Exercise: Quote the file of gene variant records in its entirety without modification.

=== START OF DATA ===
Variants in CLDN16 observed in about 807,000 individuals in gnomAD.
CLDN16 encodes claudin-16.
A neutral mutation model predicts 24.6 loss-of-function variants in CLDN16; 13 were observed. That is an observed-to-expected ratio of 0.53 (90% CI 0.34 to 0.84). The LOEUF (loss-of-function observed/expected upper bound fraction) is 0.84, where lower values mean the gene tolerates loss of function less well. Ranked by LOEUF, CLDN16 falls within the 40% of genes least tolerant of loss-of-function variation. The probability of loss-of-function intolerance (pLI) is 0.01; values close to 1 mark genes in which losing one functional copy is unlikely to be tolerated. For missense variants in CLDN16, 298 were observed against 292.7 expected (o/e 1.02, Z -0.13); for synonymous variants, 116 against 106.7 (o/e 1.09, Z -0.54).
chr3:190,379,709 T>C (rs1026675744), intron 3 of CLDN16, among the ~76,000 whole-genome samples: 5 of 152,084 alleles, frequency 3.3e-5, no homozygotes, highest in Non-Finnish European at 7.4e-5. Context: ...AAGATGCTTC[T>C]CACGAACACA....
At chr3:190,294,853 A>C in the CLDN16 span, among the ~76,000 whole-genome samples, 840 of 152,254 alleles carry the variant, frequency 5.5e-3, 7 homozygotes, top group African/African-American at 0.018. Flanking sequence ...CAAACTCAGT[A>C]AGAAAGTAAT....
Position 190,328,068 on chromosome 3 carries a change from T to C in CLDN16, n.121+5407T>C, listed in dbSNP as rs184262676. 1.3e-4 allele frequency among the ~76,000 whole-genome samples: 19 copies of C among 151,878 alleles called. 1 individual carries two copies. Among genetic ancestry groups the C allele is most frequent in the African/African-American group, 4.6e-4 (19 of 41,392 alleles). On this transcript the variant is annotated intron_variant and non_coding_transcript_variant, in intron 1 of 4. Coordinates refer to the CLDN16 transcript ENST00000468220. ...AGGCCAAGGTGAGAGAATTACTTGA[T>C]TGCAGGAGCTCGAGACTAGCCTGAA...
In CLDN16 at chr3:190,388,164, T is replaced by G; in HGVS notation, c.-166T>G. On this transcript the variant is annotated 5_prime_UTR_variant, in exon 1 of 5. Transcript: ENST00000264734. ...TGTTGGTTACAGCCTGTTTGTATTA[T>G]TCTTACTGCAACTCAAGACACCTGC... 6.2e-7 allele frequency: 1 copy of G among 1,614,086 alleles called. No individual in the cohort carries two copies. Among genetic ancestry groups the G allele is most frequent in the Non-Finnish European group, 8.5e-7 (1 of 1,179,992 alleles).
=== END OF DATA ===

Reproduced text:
Variants in CLDN16 observed in about 807,000 individuals in gnomAD.
CLDN16 encodes claudin-16.
A neutral mutation model predicts 24.6 loss-of-function variants in CLDN16; 13 were observed. That is an observed-to-expected ratio of 0.53 (90% CI 0.34 to 0.84). The LOEUF (loss-of-function observed/expected upper bound fraction) is 0.84, where lower values mean the gene tolerates loss of function less well. Ranked by LOEUF, CLDN16 falls within the 40% of genes least tolerant of loss-of-function variation. The probability of loss-of-function intolerance (pLI) is 0.01; values close to 1 mark genes in which losing one functional copy is unlikely to be tolerated. For missense variants in CLDN16, 298 were observed against 292.7 expected (o/e 1.02, Z -0.13); for synonymous variants, 116 against 106.7 (o/e 1.09, Z -0.54).
chr3:190,379,709 T>C (rs1026675744), intron 3 of CLDN16, among the ~76,000 whole-genome samples: 5 of 152,084 alleles, frequency 3.3e-5, no homozygotes, highest in Non-Finnish European at 7.4e-5. Context: ...AAGATGCTTC[T>C]CACGAACACA....
At chr3:190,294,853 A>C in the CLDN16 span, among the ~76,000 whole-genome samples, 840 of 152,254 alleles carry the variant, frequency 5.5e-3, 7 homozygotes, top group African/African-American at 0.018. Flanking sequence ...CAAACTCAGT[A>C]AGAAAGTAAT....
Position 190,328,068 on chromosome 3 carries a change from T to C in CLDN16, n.121+5407T>C, listed in dbSNP as rs184262676. 1.3e-4 allele frequency among the ~76,000 whole-genome samples: 19 copies of C among 151,878 alleles called. 1 individual carries two copies. Among genetic ancestry groups the C allele is most frequent in the African/African-American group, 4.6e-4 (19 of 41,392 alleles). On this transcript the variant is annotated intron_variant and non_coding_transcript_variant, in intron 1 of 4. Coordinates refer to the CLDN16 transcript ENST00000468220. ...AGGCCAAGGTGAGAGAATTACTTGA[T>C]TGCAGGAGCTCGAGACTAGCCTGAA...
In CLDN16 at chr3:190,388,164, T is replaced by G; in HGVS notation, c.-166T>G. On this transcript the variant is annotated 5_prime_UTR_variant, in exon 1 of 5. Transcript: ENST00000264734. ...TGTTGGTTACAGCCTGTTTGTATTA[T>G]TCTTACTGCAACTCAAGACACCTGC... 6.2e-7 allele frequency: 1 copy of G among 1,614,086 alleles called. No individual in the cohort carries two copies. Among genetic ancestry groups the G allele is most frequent in the Non-Finnish European group, 8.5e-7 (1 of 1,179,992 alleles).